V-E Day – Victory in Europe Day – during World War II was formalized on this day 75 years ago.

The surrender of German armed forces was ordered on May 7, 1945, by Karl Dönitz, who became the head of state of Germany following Adolf Hitler’s suicide on April 30.

The signing of the formal surrender documents took place the next day, May 8, 1945.

“VICTORY! GERMANY SURRENDERS!” announced a special 30-page victory edition of the Denison Bulletin that day.

“Truman announces German capitulation; radio address brings nation long-awaited announcement,” the newspaper continued.

Germany declared war on the United States on December 11, 1941, four days after the Japanese attack on Pearl Harbor.

The end of the war in Europe had been expected weeks before it took place.

“Surrender ends 10 days hectic activity in East,” the Bulletin announced.

The newspaper listed the momentous events of those 10 days:

Sunday, April 29: Death of Benito Mussolini at the hand of Italian patriots disclosed.

Tuesday, May 1: Germans announce death of Adolph (sic) Hitler.

Wednesday, May 2: Berlin falls, German armies of northern Italy and western Austria, nearly a million men, surrender.

Friday, May 4: German armies in Holland, Denmark and northwest Germany lay down arms.

Saturday, May 5: Two more German armies surrender, on front facing U.S. armies in southeast.

Sunday, May 6: Surrender negotiation reported.

Monday, May 7: Final surrender of German armies signed at General Eisenhower’s headquarters in Reims.

“Sober V-E Day observed in quiet Denison services,” the May 10, 1945, Denison Review reported.

“In following the plan for V-E Day worship, formulated several months ago, Denisonians went to their respective churches Tuesday morning to observe the day officially announced by president Truman at 8 o’clock CWT (Central War Time) earlier that day.”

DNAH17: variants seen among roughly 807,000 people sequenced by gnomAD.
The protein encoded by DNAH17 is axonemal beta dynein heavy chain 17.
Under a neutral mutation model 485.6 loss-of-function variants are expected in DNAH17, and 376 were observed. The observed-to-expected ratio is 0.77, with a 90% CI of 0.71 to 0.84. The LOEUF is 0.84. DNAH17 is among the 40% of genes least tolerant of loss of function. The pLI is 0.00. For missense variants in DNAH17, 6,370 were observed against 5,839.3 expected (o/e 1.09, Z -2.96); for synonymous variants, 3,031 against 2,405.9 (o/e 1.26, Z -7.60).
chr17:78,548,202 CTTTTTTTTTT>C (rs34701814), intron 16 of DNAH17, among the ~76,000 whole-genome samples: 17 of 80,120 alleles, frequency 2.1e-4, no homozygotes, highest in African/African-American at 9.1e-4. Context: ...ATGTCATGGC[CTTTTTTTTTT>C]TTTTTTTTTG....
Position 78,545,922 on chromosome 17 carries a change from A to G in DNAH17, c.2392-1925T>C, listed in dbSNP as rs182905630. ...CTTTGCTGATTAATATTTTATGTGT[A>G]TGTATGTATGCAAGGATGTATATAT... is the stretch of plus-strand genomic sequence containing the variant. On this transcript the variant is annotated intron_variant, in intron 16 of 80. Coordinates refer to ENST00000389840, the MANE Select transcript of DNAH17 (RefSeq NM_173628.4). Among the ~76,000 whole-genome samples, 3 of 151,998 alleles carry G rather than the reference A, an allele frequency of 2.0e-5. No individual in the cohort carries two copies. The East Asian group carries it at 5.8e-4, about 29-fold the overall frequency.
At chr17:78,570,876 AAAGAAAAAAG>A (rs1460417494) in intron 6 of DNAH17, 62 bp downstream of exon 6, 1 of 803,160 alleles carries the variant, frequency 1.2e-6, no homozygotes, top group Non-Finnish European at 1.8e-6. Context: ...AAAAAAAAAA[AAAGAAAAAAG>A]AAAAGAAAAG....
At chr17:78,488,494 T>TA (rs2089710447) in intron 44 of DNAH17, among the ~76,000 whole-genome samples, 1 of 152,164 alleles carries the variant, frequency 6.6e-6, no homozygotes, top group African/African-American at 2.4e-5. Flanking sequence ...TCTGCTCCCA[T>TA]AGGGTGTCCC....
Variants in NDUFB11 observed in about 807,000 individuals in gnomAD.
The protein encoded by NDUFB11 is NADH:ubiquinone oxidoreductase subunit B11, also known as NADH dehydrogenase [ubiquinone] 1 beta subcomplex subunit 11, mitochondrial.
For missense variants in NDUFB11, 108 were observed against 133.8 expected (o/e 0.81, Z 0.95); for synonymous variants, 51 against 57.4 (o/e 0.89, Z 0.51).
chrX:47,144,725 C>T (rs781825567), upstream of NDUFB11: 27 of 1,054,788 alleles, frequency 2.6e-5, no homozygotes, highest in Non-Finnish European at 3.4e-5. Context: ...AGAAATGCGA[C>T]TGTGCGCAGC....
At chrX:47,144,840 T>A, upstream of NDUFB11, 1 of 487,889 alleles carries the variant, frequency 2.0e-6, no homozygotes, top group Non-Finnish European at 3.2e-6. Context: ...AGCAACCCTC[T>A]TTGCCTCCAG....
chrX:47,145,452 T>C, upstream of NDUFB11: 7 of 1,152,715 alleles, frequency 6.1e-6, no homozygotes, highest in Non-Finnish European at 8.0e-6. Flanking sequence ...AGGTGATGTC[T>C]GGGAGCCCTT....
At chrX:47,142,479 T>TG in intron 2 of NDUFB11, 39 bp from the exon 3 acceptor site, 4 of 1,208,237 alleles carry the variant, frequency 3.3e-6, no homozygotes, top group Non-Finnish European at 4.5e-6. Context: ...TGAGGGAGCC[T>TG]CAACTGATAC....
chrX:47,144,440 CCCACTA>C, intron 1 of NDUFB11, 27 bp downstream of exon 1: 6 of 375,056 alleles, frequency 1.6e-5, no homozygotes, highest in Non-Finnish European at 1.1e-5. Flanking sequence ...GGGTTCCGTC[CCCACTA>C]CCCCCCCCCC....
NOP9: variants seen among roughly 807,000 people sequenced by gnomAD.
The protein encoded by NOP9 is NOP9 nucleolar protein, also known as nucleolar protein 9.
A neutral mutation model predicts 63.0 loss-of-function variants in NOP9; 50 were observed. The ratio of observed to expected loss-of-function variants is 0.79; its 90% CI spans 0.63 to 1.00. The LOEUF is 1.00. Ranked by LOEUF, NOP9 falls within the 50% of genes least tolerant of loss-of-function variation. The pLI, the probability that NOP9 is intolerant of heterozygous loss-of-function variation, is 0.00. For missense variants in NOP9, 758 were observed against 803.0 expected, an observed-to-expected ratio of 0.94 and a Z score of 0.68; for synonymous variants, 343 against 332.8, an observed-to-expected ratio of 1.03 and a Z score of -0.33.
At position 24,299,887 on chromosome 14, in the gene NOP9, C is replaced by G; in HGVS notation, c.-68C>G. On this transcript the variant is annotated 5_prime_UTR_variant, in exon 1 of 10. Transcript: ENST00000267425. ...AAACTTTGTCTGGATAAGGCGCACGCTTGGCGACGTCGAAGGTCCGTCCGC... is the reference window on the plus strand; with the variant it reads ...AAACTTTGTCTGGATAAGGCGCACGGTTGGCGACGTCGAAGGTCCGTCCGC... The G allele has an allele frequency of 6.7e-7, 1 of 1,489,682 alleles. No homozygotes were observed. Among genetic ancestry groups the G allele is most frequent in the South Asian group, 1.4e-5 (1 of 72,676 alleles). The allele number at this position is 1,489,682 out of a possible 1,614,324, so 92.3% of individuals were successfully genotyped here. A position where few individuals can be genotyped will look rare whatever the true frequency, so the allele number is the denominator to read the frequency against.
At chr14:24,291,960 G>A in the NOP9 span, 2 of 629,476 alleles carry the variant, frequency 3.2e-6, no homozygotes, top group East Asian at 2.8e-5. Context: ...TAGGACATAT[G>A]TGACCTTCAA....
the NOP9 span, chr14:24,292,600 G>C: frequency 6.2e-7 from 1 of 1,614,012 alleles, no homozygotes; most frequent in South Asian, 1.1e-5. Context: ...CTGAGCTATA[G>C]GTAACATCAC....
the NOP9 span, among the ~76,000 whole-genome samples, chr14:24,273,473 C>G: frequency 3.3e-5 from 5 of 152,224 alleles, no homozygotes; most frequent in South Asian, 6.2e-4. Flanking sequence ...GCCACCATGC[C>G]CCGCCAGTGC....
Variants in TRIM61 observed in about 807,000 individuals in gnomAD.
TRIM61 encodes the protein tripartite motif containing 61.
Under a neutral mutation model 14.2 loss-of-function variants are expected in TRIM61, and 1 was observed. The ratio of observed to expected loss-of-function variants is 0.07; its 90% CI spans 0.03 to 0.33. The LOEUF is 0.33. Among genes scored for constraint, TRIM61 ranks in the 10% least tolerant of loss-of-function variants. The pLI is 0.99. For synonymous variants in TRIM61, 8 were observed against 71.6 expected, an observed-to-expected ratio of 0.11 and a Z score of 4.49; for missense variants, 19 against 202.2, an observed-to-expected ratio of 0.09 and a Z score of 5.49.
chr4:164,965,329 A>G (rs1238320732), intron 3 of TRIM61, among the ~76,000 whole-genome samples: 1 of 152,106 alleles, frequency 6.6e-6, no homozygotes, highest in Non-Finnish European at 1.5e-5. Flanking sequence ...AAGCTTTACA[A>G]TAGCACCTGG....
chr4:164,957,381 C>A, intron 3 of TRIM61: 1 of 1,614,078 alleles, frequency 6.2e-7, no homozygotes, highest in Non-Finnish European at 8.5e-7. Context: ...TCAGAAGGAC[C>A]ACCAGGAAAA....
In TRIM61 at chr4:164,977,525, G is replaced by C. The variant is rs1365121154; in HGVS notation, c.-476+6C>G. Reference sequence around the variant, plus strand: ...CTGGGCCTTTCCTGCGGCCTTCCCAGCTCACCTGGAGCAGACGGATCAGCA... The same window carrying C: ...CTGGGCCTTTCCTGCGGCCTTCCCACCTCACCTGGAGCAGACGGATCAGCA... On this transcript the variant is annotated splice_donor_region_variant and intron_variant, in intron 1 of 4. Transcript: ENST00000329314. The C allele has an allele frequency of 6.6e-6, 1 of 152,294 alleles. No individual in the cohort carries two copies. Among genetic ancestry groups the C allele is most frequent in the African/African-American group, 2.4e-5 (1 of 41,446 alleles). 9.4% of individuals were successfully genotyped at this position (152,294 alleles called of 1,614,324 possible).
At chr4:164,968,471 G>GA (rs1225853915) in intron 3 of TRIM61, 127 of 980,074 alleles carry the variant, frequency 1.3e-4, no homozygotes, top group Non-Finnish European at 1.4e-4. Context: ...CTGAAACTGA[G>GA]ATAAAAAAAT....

“News of Germany’s unconditional surrender was heralded in Denison at 9 a.m. when the air raid warning system was sounded, followed by the ringing of church bells. Church services opened one hour later,” the Bulletin reported.

According to the Review, “V-E Day in Denison was taken as a solemn occasion, with but little hilarity and celebration. And the public was fully responsive to the solemn mood.”

“It is estimated that at least 40,000,000 casualties resulted during the nearly six years of strife and terror which was started when Hitler’s arrogant armies invaded Poland on Sept. 1, 1939,” the Bulletin noted.

The full cost of the war would not be known for years to come, but part of the price appeared in the column next to the Review story of the Denison celebration.

“Donald Rice Killed in England,” the headline noted. Rice, of Deloit, was a bombardier with the 445th Bomber Group and had died just two weeks before. “His parents have been notified by the War Department,” the story stated.

The Bulletin listed Crawford County’s toll on V-E Day: Dead, 61; Missing, 19; Prisoners, 14.

“Parents get final notice of casualties,” the Bulletin reported. “‘Missing’ soldiers are declared ‘dead’ after official reports.”

Charles G. Cassaday, Robert Chapman, Ernest J. Nissen and Lyle W. Stepanek were among the unfortunate men to have a change of status confirmed.

Another story in the May 8 Bulletin related the reason for the subdued celebrations in Denison.

“Victory is but half won says Truman this morn,” a headline stated.

The other half of the victory was yet to come in the Pacific.

An advertisement for Doud Milling Company in the Bulletin’s special victory edition stated it clearly:

“We’re all proud --- on the home front, on the battle front; and now we take another hitch in our belts and start on to wind it all up! JAPAN is NEXT!”

V-J Day, Victory over Japan Day, was still more than three months away.

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